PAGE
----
India must guarantee academic freedom with the only limitation being in order to preserve public order, morality and health care. A person teaching and the person being taught must have an open mind to different ideas and there must be no room for any reservations due to political ideologies, personal opinions etc. Further in an interesting case of Healy v. James, 408 U.S. at 181-82 where the administration denied recognition to a student group on the grounds that the group’s philosophy was antithetical to the college’s commitment to academic freedom on campus. The Court overturned the denial of recognition, believing instead that affirming students’ right to freedom of association was “reaffirming . . . academic freedom.”
A person must be taught everything that the person wishes to learn nothing must be held back because this defeats the entire purpose of teaching and learning. Political opinions, party affiliations and political ideologies must be distanced from educational institutions because these temples of learning must not be open to anything that limits its boundaries to teach. This opinion is rightly captured in the case of the United States of America of Sweezy v. New Hamshire , 354 U.S. 234, 250 (1957) where it was said that, “[T]eachers and students must always remain free to inquire, to study and to evaluate, and to gain maturity and understanding; otherwise our civilization will stagnate and die.”
Students and teachers must be given an open hand to study and teach whatever they wish to with certain undeniable exceptions which have to be imposed in the interest of the public.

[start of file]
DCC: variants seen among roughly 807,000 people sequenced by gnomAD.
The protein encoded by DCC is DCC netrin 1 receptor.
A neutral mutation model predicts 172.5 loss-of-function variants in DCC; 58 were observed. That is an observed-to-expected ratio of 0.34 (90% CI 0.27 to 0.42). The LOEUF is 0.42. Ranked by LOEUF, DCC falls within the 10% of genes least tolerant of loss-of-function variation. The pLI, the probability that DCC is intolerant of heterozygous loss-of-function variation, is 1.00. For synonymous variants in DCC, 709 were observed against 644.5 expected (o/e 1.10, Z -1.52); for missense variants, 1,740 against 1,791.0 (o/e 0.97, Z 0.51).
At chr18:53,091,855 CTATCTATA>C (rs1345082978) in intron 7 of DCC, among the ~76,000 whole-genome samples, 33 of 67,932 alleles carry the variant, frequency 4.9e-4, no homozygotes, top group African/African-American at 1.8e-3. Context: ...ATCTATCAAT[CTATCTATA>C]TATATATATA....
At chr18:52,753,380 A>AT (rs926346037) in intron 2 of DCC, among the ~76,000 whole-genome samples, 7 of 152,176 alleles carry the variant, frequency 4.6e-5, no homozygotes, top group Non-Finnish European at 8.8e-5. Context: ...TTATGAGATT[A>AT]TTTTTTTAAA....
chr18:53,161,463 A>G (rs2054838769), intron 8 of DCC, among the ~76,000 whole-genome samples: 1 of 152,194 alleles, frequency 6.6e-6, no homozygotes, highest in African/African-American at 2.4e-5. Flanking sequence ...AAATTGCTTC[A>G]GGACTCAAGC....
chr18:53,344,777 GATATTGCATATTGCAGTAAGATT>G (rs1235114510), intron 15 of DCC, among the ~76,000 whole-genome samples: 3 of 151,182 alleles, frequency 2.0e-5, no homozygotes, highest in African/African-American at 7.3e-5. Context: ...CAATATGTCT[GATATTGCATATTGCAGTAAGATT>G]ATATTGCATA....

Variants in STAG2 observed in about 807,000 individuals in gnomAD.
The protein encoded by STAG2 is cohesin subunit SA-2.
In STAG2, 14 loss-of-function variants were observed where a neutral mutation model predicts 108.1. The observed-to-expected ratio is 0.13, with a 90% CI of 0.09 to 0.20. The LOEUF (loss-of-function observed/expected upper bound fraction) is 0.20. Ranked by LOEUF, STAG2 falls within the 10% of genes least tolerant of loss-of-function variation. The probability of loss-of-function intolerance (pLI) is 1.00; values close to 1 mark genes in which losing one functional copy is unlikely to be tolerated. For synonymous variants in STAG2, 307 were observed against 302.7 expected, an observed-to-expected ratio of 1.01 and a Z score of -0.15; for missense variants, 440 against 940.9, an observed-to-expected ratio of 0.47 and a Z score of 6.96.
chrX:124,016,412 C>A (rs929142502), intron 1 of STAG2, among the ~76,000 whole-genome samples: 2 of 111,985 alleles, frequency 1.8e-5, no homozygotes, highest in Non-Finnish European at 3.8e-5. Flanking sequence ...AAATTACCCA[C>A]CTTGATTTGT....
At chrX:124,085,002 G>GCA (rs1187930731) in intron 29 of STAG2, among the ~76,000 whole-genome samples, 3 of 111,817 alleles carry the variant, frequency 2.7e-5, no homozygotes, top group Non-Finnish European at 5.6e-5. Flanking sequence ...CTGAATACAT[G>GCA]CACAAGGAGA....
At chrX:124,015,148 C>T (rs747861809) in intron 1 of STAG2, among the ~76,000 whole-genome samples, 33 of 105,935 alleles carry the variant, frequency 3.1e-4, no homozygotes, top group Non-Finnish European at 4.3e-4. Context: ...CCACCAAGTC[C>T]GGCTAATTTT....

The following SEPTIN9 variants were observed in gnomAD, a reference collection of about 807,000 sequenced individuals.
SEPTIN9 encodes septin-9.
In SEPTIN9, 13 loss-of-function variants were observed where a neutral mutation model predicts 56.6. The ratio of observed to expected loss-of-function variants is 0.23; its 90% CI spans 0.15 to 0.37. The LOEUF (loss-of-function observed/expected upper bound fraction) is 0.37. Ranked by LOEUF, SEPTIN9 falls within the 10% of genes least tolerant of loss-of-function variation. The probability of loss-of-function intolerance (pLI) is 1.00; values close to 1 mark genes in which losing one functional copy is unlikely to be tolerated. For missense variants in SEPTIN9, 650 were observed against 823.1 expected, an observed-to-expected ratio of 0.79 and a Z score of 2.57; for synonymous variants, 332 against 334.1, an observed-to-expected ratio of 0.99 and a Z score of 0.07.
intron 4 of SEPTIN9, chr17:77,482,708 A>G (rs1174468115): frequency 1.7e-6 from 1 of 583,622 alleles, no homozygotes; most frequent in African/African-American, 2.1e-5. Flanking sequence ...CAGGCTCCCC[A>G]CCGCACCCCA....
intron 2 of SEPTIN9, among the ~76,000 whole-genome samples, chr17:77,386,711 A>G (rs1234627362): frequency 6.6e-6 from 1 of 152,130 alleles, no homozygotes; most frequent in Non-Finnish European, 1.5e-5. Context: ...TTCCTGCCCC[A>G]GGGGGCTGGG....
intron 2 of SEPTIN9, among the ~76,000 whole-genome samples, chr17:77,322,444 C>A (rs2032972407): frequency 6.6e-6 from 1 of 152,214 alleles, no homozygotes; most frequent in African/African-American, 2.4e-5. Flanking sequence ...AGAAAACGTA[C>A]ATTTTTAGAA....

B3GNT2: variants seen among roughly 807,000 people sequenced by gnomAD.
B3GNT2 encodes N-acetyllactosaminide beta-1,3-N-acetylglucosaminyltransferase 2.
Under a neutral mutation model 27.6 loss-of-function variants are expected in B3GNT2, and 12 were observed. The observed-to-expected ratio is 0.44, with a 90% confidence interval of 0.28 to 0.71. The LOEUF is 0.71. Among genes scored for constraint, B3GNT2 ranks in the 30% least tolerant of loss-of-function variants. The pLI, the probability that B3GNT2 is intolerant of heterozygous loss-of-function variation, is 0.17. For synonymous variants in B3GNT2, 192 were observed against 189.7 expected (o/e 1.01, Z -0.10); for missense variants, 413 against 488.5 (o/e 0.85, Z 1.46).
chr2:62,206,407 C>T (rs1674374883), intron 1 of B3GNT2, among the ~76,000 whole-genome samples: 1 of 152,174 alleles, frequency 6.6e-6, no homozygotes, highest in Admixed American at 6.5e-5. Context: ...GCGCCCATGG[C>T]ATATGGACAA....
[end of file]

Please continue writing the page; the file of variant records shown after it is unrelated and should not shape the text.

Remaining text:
Students must not have to fight to study what they would want to, neither should the faculty have any reservations about what they should teach unless this harms the society in any way. The Supreme Court of our country has time and again protected and guaranteed the right to
freedom of speech and expression of the people of this great nation however it is time that this cardinal freedom come to the rescue of the people by way of protecting the academic freedom of the young learners.
The Indian tradition teaches us that no person who comes to our doorstep must be turned away applying this immortal shloka to the present topic of academic freedom we can conclude that these people hungry for knowledge who come to the temples of education must not be turned away without being taught what they want to. Academic freedom is the cornerstone of any educational system around the globe without academic freedom the very purpose of education might be lost so it is high time that we realise the importance of this area and start working on constructive rights in order to better protect academic freedom.
So it is impertinent to recognize and protect Academic freedom as young minds are like those lumps of clay and educational institutions should act as careful potters as even the slightest mistake might destroy the entire effort. Academic institutions should thus be weary
of putting any curbs to academic freedom.
Spandana Koona is a fourth year law student at National Law University Aurangabad whose areas of interest are Constitutional and Criminal law.